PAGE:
Grizzlies get defensive with draft workout of Hollis-Jefferson
MEMPHIS, Tenn. — The Memphis Grizzlies need shooting. Again. The opinions on where that shooting comes from vary as much as the opinions on Grizzlies’ past draft choices.
Hasheem Thabeet is nearly vulgarity on Beale Street.
In less than two weeks, the 2015 NBA Draft will give Grizzlies fans another year to dissect its front office. Past drafts have passed on James Harden and Steph Curry and as much as the desire from fans to draft that needed shooter, Memphis coach Dave Joerger isn’t convinced any draft horse can win an NBA title.
See Jordan Adams. Who knows where the 2014 first-round pick fits in? He’s basically still a rookie, playing only 8.3 minutes per game. Bing still bings more pics of Adams in a UCLA jersey than Grizzlies gear.
Picking immediate help at No. 25 is more a stretch than an everyday stretch-4, though there are potential silent bombs (I harped on Eastern Washington’s Tyler Harvey already). But Memphis has shown the knack for peculiar picks and if it does so again and it’s Arizona sophomore forward Rondae Hollis-Jefferson, his future growth may warrant current grumbling.
"He showed us why he’s ranked, his athleticism," Grizzlies general manager Chris Wallace said. "He’s rangy and his defensive ability."
Hollis-Jefferson was one of six prospects to work out for the Grizzlies Sunday morning at FedExForum, including UMass center/power forward Cady Lalanne, Incarnate Word guard Denzel Livingston, Louisiana Tech guard Raheem Appleby, Delaware 87ers forward Jamal James and Minnesota center Mo Walker.
Memphis has one more scheduled pre-draft workout scheduled for Monday, that is set to include Cliff Alexander (Kansas), Aaron Harrison (Kentucky), Kenneth "Speedy" Smith (Louisiana Tech), Corey Walden (Eastern Kentucky) and Christian Wood (UNLV).
Hollis-Jefferson is projected right around the Grizzlies’ No. 25 spot. The 6-foot-7, 211-pound Arizona forward’s sense for the Grizzlies isn’t in the 3-point shooting the team needs at some point. It’s in his defensive prowess.
Labeled an irritating defender, a la Tony Allen, Hollis-Jefferson has a 7-foot-2 wingspan and a knack for getting in heads. The sophomore last season averaged 11.2 points per game for the Wildcats, along with 6.8 rebounds, 1.2 steals and nearly a block a game.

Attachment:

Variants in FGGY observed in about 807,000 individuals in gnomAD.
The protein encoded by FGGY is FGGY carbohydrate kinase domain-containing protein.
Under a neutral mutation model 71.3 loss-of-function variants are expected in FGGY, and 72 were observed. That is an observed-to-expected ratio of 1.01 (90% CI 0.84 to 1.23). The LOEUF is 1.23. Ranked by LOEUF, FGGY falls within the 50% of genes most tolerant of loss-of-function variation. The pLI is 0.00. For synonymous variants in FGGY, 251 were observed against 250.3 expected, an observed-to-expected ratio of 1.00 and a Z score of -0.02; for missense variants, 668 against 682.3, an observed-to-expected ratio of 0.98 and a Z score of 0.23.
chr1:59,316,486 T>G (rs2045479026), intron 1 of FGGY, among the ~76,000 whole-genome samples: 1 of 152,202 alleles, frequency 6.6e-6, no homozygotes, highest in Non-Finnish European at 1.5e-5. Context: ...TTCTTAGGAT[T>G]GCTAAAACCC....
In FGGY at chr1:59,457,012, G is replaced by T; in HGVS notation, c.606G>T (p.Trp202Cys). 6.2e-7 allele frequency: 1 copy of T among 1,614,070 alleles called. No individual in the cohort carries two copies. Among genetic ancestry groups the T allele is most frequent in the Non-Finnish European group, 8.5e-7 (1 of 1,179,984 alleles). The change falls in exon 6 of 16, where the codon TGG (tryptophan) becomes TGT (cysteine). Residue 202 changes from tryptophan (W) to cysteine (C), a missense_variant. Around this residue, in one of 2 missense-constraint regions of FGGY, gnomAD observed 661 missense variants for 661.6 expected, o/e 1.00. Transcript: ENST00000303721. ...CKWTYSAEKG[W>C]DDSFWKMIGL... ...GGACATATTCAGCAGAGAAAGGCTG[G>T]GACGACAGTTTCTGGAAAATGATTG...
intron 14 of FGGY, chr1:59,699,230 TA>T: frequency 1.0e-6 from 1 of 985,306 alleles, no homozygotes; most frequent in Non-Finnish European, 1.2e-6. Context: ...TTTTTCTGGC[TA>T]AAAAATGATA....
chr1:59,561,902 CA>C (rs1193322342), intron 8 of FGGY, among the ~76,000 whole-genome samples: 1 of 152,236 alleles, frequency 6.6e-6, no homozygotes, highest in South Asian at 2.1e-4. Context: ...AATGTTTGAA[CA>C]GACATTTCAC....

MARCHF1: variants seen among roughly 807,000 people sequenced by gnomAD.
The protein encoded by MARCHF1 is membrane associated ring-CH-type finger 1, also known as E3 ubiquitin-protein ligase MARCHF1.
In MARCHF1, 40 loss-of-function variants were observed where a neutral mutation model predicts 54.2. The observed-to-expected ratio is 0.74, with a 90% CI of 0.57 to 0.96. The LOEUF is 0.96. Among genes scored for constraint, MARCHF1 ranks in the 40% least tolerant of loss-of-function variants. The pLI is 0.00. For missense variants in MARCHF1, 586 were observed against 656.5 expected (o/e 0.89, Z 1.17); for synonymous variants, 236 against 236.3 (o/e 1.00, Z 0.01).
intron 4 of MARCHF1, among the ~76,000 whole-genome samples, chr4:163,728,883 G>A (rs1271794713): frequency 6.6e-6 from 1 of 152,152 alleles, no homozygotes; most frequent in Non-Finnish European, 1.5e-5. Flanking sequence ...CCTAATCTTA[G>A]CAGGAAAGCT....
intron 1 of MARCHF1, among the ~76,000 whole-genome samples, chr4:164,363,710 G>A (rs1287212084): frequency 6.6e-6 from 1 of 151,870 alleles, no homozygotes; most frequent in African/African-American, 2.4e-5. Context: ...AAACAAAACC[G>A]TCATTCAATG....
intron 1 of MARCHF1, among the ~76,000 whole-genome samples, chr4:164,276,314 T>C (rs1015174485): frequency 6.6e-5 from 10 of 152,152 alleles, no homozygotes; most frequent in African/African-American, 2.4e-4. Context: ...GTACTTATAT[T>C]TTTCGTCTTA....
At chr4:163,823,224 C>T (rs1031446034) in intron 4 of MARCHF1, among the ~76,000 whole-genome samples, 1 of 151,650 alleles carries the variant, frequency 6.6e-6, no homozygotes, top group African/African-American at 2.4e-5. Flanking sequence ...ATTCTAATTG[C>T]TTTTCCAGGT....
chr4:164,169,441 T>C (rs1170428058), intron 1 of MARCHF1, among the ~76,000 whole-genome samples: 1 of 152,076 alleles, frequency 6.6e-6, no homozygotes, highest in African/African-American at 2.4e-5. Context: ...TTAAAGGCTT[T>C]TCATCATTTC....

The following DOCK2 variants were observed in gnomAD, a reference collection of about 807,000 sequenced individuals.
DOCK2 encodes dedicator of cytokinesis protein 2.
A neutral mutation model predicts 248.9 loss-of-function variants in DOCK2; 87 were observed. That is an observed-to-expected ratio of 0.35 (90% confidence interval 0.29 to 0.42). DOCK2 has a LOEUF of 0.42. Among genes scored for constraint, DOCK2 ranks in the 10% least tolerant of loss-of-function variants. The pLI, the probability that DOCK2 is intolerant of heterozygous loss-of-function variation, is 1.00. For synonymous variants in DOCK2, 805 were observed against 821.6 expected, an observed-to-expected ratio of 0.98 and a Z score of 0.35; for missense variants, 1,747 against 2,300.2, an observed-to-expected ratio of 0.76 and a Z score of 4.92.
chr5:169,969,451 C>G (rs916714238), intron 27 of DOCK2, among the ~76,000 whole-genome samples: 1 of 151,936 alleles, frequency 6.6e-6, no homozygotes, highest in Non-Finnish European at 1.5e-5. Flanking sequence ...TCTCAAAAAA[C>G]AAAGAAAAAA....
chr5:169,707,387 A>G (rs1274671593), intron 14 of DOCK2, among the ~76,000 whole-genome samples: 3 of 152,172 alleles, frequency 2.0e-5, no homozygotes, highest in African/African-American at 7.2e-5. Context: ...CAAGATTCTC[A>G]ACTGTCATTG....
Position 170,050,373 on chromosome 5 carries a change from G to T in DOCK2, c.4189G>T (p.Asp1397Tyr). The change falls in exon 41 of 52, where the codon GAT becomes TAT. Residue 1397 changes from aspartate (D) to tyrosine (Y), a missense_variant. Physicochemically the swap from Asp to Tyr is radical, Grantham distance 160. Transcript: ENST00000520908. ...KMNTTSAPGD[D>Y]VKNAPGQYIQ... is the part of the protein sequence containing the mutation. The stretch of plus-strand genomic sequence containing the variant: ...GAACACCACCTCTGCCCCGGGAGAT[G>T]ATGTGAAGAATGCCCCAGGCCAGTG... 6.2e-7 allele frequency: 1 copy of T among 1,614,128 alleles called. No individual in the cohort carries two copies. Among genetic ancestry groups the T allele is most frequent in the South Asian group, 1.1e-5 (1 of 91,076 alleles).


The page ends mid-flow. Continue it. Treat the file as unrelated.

Scheduling players to come for a team with the 25th pick is tricky and Hollis-Jefferson could easily be off the board way earlier.
"Appreciative that Rondae did come," Wallace said. "We’ll take anybody that we can see that can come here that’s pegged to be a first-round pick."
In the NCAA Tournament, Hollis-Jefferson held Ohio State freshman phenom guard D’Angelo Russell to his worst-shooting game of the season, holding the 19-plus points-per-gamer and projected top-five pick to a miserable 3-for-19 night.
"He’s got good size for a perimeter defender," Wallace said, "rangy, very long armed, active defensively, quick, excellent leaper, really has a whole defensive energy and athletic package and plays very, very hard. He’s a guy that loves the game, willing to put the time into it and comes from a terrific program in Arizona."
Hollis-Jefferson was by far the best of the six. And though his shooting raises questions — he did shoot 50.2 percent — he has tools to keep him in the first round. Jones, whose windy road continues, and Appleby, are different stories. After a five-game stop at Ole Miss in 2011-12, he played a year later at Texas A&M, then last season in the D-League with the Delaware 87ers, where he averaged 15 points on 21 minutes and shot less than 42 percent from the field. The 6-4 Appleby scored 15 points per game his senior season and shot less than 40 percent.
Lalanne was a double-double hound last season averaging career-highs in 11.6 points and 9.5 rebounds per. The 6-10 Haitian also averaged 1.9 blocks per game, a season after averaging more than two per.
Lalanne is one of just three players in UMass history with 1,000 points, 800 rebounds and 100 blocks for a career.
Unknown but steady in his final two seasons for little-known Incarnate Word, little-known Livingston averaged 21.1 points per game (21.7 as a junior), six rebounds (6.5 as a junior), 2.4 steals (2.7 as a junior) and 1.4 blocks (1.3 as a junior). His 3-point shooting is mysterious, down from 40.3 percent as a junior to 29.4 last season.
Minnesota senior Walker is a 6-10 center who averaged 12 points and 6.7 rebounds last season for the Gophers, as well as 1.5 steals and 1.4 blocks per game.
"The other guys opened some eyes, too," Wallace said. "(Rondae) is ranked significantly higher than anybody that’s in the building right now. The other guys aren’t going to go in the first round. Some of them may not even get drafted. There will always be guys from the back end of the first round, maybe even a few that aren’t drafted, that will go on to make names for themselves in the NBA. It happens every year."